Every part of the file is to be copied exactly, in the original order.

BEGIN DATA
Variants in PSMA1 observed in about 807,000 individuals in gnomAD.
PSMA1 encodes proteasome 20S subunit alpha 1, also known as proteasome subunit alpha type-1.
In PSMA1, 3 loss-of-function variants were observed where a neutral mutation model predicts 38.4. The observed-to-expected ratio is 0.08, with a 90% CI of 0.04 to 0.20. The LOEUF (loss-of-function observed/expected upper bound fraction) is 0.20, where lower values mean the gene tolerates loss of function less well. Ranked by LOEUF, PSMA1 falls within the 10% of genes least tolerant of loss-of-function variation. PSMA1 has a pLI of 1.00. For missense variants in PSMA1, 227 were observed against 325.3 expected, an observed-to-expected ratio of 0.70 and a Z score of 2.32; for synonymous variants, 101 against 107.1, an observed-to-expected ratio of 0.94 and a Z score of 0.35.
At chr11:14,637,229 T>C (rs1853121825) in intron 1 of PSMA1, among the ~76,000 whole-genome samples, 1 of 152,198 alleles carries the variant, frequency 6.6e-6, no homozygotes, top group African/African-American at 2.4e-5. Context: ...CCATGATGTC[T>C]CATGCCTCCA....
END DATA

Variants in PSMA1 observed in about 807,000 individuals in gnomAD.
PSMA1 encodes proteasome 20S subunit alpha 1, also known as proteasome subunit alpha type-1.
In PSMA1, 3 loss-of-function variants were observed where a neutral mutation model predicts 38.4. The observed-to-expected ratio is 0.08, with a 90% CI of 0.04 to 0.20. The LOEUF (loss-of-function observed/expected upper bound fraction) is 0.20, where lower values mean the gene tolerates loss of function less well. Ranked by LOEUF, PSMA1 falls within the 10% of genes least tolerant of loss-of-function variation. PSMA1 has a pLI of 1.00. For missense variants in PSMA1, 227 were observed against 325.3 expected, an observed-to-expected ratio of 0.70 and a Z score of 2.32; for synonymous variants, 101 against 107.1, an observed-to-expected ratio of 0.94 and a Z score of 0.35.
At chr11:14,637,229 T>C (rs1853121825) in intron 1 of PSMA1, among the ~76,000 whole-genome samples, 1 of 152,198 alleles carries the variant, frequency 6.6e-6, no homozygotes, top group African/African-American at 2.4e-5. Context: ...CCATGATGTC[T>C]CATGCCTCCA....